Yet, some, thankfully, persist.
In his brilliant and utile book Seven Brief Lessons on Physics, theoretical physicist Carlo Rovelli writes:
We are an integral part of the world that we perceive; we are not external observers. We are situated within in it…We are made up of the same atoms and the same light signals as are exchanged between pine trees in the mountains and stars in the galaxies. As our knowledge has grown, we have learned that our being is only a part of the universe, and a small part at that…
We believed that we were on a planet at the center of the universe, and we are not. We thought that we existed as unique beings, a race apart from the family of animals and plants, and discovered that we are descendants of the same parents as every living thing around us…Mirrored by others, and by other things, we learn who we are (emphasis mine).
Our popular thinking, and thus our policymaking needs to catch up to science. But science also needs to be rescued from hierarchy and returned to the boundless world of curiosity where I like to think soul lives larger and more fully than our puny selves do.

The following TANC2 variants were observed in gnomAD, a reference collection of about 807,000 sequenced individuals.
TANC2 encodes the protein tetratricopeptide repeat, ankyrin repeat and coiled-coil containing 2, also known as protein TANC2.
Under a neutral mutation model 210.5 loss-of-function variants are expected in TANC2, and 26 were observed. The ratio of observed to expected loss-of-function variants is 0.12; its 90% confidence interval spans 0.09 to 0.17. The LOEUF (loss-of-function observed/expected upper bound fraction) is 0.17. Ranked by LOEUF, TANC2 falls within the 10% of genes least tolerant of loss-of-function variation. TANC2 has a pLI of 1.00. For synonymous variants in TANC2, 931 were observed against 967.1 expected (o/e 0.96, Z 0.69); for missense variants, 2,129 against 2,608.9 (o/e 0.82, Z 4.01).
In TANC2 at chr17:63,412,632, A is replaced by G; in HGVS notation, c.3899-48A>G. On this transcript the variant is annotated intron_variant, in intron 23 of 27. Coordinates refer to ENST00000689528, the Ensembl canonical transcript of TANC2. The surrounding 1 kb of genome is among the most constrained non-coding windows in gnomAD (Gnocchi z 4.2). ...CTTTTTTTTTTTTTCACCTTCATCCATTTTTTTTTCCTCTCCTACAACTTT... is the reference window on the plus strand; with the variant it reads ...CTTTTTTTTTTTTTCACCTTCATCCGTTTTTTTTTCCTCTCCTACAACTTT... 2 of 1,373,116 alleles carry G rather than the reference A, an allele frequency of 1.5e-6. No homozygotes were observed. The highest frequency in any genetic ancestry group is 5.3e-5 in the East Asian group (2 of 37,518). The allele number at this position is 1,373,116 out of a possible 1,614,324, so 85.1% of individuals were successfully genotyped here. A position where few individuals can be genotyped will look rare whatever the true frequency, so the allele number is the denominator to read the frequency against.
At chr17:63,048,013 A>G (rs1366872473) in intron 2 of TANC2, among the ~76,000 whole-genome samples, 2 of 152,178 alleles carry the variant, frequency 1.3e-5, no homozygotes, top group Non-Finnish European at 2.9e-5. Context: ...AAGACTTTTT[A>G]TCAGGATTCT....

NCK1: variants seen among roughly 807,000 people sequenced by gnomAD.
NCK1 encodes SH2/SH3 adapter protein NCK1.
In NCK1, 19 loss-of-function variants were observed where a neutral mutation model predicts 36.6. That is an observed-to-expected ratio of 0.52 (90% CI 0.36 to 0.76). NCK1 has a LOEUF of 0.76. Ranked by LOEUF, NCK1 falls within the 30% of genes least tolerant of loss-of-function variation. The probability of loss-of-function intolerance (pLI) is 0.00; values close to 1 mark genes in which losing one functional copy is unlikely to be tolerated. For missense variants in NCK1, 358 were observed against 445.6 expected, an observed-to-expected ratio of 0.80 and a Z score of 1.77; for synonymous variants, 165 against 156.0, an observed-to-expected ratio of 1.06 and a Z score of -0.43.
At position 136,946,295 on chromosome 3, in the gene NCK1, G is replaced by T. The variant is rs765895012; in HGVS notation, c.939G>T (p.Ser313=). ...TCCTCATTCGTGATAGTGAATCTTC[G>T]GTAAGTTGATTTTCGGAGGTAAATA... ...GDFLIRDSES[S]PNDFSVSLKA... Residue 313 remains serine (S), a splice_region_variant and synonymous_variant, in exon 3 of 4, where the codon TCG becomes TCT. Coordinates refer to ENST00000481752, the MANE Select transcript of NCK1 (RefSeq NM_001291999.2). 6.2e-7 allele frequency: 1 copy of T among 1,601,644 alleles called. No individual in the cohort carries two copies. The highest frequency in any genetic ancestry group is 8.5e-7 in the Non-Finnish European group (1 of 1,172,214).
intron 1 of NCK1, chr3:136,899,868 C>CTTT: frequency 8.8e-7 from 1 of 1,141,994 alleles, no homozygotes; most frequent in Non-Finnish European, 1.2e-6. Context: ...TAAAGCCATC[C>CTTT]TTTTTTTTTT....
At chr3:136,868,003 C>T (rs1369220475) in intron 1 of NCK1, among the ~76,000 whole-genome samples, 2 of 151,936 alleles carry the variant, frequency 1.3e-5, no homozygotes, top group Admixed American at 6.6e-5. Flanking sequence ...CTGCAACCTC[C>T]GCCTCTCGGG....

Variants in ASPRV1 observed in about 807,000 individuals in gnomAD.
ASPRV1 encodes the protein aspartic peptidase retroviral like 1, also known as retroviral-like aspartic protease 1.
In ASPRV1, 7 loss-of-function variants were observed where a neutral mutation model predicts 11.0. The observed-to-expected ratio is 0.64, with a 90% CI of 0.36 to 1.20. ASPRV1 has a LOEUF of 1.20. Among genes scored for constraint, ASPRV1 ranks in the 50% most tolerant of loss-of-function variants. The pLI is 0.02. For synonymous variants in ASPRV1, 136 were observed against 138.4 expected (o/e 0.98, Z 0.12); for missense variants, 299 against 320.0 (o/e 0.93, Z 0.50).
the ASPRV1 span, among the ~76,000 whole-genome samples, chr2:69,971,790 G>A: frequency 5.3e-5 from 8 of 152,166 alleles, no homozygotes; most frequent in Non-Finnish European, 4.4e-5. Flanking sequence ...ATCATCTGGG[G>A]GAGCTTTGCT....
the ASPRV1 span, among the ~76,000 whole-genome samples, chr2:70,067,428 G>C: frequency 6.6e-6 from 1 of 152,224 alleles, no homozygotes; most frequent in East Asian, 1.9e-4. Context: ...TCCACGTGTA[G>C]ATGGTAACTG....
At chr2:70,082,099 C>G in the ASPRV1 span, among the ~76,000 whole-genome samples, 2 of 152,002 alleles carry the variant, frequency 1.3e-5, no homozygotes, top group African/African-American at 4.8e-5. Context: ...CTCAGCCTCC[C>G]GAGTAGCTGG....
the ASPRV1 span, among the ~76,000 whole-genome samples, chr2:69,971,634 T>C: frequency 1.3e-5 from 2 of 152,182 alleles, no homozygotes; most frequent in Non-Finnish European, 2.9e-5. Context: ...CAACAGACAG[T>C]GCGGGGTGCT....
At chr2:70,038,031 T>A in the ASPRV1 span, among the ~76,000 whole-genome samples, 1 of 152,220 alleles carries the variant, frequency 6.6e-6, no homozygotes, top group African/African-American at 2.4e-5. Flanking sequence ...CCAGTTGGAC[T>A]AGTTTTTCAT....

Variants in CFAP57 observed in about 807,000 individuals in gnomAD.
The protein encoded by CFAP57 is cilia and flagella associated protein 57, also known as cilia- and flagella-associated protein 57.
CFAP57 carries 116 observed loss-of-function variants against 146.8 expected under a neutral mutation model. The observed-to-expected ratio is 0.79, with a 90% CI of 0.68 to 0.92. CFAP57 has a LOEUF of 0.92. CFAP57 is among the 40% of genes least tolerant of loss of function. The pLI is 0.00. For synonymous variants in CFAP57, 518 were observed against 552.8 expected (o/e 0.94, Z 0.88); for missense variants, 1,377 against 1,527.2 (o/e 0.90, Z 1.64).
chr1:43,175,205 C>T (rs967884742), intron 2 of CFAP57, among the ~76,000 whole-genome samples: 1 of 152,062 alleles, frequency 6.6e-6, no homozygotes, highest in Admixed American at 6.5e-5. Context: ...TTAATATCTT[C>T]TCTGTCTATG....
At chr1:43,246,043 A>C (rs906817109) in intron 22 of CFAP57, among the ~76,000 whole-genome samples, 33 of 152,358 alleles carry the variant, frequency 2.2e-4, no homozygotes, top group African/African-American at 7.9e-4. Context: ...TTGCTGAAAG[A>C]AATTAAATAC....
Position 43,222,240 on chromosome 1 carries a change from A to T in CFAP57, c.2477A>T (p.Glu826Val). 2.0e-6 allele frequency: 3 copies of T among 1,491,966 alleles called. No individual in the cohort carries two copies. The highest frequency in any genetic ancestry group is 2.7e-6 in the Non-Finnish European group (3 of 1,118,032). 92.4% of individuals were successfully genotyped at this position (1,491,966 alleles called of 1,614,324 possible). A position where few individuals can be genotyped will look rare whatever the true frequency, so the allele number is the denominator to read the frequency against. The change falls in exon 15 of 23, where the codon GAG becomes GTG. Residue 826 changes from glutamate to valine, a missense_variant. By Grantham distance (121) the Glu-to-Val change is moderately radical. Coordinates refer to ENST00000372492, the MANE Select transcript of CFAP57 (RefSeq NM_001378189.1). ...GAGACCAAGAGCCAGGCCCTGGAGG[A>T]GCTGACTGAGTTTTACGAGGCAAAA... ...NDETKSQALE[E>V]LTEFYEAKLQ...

So, back to the astrology. Mirrored by others, and by other things, we learn who we are.
As described in excellent detail, complete with a PowerPoint presentation (a first here on docu-mental!) Elisabeth’s is a system with its own language developed in scientific pursuit of cause/effect knowledge that we began to discard when materialism took the reins, circa 1700 with Newtonian Physics. To the extent that there is any explicable cause/effect, it is that which is borrowed primarily from Aristotelean physics, although the study of the heavens predates Aristotle, stretching back approximately 5,000 years to Mesopotamian times. Astrology describes the how within the why, but leaves the why an open question. This forms the basic tension between fate and fortune, destiny and free will.
To my understanding, mundane astrology is not a personal system whereby the planets take an interest in either helping or condemning humans, so much as they are just connected energetically to life on earth because the material elements are the same: mineral, fire, water, gas.